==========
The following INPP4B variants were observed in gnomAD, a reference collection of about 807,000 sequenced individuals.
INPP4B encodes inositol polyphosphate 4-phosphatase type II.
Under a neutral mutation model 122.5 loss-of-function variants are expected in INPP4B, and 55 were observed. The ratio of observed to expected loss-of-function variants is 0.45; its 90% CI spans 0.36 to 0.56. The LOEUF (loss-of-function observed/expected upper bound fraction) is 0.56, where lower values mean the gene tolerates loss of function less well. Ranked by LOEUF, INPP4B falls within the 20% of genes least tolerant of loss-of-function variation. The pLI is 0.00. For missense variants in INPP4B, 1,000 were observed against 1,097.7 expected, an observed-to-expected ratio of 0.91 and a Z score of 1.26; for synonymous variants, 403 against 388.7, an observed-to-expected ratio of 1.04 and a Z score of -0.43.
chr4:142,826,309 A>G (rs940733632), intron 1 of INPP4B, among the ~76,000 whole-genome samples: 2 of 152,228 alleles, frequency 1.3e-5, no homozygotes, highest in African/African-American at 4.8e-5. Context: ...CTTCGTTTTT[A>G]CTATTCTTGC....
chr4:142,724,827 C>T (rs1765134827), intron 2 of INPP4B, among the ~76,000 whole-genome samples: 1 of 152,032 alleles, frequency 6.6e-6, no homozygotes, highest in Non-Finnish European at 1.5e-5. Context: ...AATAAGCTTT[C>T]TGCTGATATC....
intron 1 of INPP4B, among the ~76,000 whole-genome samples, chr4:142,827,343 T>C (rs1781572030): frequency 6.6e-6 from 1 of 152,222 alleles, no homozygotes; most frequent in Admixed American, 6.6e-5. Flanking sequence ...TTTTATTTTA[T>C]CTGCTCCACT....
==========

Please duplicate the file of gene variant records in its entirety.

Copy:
The following INPP4B variants were observed in gnomAD, a reference collection of about 807,000 sequenced individuals.
INPP4B encodes inositol polyphosphate 4-phosphatase type II.
Under a neutral mutation model 122.5 loss-of-function variants are expected in INPP4B, and 55 were observed. The ratio of observed to expected loss-of-function variants is 0.45; its 90% CI spans 0.36 to 0.56. The LOEUF (loss-of-function observed/expected upper bound fraction) is 0.56, where lower values mean the gene tolerates loss of function less well. Ranked by LOEUF, INPP4B falls within the 20% of genes least tolerant of loss-of-function variation. The pLI is 0.00. For missense variants in INPP4B, 1,000 were observed against 1,097.7 expected, an observed-to-expected ratio of 0.91 and a Z score of 1.26; for synonymous variants, 403 against 388.7, an observed-to-expected ratio of 1.04 and a Z score of -0.43.
chr4:142,826,309 A>G (rs940733632), intron 1 of INPP4B, among the ~76,000 whole-genome samples: 2 of 152,228 alleles, frequency 1.3e-5, no homozygotes, highest in African/African-American at 4.8e-5. Context: ...CTTCGTTTTT[A>G]CTATTCTTGC....
chr4:142,724,827 C>T (rs1765134827), intron 2 of INPP4B, among the ~76,000 whole-genome samples: 1 of 152,032 alleles, frequency 6.6e-6, no homozygotes, highest in Non-Finnish European at 1.5e-5. Context: ...AATAAGCTTT[C>T]TGCTGATATC....
intron 1 of INPP4B, among the ~76,000 whole-genome samples, chr4:142,827,343 T>C (rs1781572030): frequency 6.6e-6 from 1 of 152,222 alleles, no homozygotes; most frequent in Admixed American, 6.6e-5. Flanking sequence ...TTTTATTTTA[T>C]CTGCTCCACT....